Fat Tissue Is Sensitive to Irradiation
Researchers led by Dr. Batrice Cousin at Institut Louis Bugnard found that irradiation damages fat tissue. They report their findings in the January 2009 issue of The American Journal of Pathology.
Radiation therapy directed at cancer management also damages normal tissues. Autologous transplant of tissues such as fat tissue has often been used to prevent the fibrosis, organ dysfunction, and necrosis that result from radiation treatment; however, the effects of radiation on the transplanted fat tissue had not been studied.
Dr. Cousin's group characterized adipose tissue isolated from mice after total body irradiation. They found that fat pads weighed significantly less post-irradiation and had decreased adipocyte size and a reduced number of mature adipocytes. Poglio et al also observed severe decreases in the number of proliferating cells and increases in the number of dying cells.
Taken together, the data from Dr. Cousin's group suggest that "in terms of therapeutics, these acute affects may modify the reconstructive capacity of adipose tissue and therefore its use in autologous fat tissue transfer after irradiation." These results call into question the effectiveness of transplanting adipose tissue during radiation therapy.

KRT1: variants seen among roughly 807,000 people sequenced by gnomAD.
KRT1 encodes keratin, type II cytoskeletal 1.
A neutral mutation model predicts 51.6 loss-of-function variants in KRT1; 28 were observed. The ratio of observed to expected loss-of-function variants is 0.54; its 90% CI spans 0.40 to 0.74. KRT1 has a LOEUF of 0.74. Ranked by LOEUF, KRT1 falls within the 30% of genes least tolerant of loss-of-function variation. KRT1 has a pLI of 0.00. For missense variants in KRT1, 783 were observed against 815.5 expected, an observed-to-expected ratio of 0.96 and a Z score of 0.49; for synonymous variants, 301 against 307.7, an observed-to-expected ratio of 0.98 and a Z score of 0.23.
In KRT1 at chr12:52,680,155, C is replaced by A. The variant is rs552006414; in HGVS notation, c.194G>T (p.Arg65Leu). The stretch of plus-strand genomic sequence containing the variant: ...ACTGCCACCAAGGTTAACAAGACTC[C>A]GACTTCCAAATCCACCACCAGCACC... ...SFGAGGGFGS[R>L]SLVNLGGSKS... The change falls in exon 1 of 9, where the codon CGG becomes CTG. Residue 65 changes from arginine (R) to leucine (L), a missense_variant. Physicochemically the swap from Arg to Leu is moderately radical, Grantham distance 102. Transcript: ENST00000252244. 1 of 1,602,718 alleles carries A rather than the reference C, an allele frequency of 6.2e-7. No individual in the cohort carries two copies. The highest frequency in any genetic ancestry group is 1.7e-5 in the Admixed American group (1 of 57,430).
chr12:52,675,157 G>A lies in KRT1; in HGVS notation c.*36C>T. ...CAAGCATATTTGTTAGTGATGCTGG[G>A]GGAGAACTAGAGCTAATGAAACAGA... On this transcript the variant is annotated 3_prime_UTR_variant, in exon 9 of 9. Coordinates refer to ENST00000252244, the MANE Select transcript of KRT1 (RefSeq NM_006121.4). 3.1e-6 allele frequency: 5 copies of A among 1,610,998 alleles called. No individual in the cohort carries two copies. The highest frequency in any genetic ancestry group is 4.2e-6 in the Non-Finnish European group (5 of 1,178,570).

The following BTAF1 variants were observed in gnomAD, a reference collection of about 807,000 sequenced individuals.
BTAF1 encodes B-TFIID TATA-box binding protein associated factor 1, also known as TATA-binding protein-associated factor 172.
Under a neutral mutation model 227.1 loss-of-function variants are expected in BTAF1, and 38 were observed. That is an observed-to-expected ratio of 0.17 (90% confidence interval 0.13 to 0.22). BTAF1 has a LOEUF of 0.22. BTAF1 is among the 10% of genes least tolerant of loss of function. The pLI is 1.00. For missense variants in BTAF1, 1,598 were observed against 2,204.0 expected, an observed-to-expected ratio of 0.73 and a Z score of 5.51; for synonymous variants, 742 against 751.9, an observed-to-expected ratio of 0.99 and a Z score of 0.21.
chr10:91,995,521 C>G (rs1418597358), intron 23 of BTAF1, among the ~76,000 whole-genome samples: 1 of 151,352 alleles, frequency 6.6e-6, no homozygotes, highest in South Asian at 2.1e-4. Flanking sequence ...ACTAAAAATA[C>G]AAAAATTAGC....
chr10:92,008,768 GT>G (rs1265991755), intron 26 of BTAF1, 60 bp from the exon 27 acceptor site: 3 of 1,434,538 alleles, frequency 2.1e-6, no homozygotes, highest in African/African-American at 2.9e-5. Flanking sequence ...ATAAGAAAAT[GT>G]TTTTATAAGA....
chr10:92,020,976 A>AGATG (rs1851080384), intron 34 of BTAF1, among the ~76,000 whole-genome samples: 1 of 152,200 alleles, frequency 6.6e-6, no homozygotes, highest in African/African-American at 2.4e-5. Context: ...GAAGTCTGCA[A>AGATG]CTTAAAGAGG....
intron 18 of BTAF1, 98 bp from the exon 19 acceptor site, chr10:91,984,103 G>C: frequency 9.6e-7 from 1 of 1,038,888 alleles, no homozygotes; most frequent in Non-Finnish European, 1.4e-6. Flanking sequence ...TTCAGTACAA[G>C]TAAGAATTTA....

Poglio S, Galvani S, Bour S, Andr M, Prunet-Marcassus B, Pnicaud L, Casteilla L, Cousin B: Adipose Tissue Sensitivity to Radiation Exposure. Am J Pathol 2009, 174:44-53
CXCL1 Decreases Severity of Multiple Sclerosis-like disease
A group led by Dr. Cedric Raine at Albert Einstein College of Medicine have explored the expression of an immune molecule (CXCL1) that interacts with myelin-producing cells, finding that CXCL1 decreases the severity of disease in a mouse model of multiple sclerosis (MS). They report their data in the January 2009 issue of The American Journal of Pathology.
|Contact: Angela Colmone|
American Journal of Pathology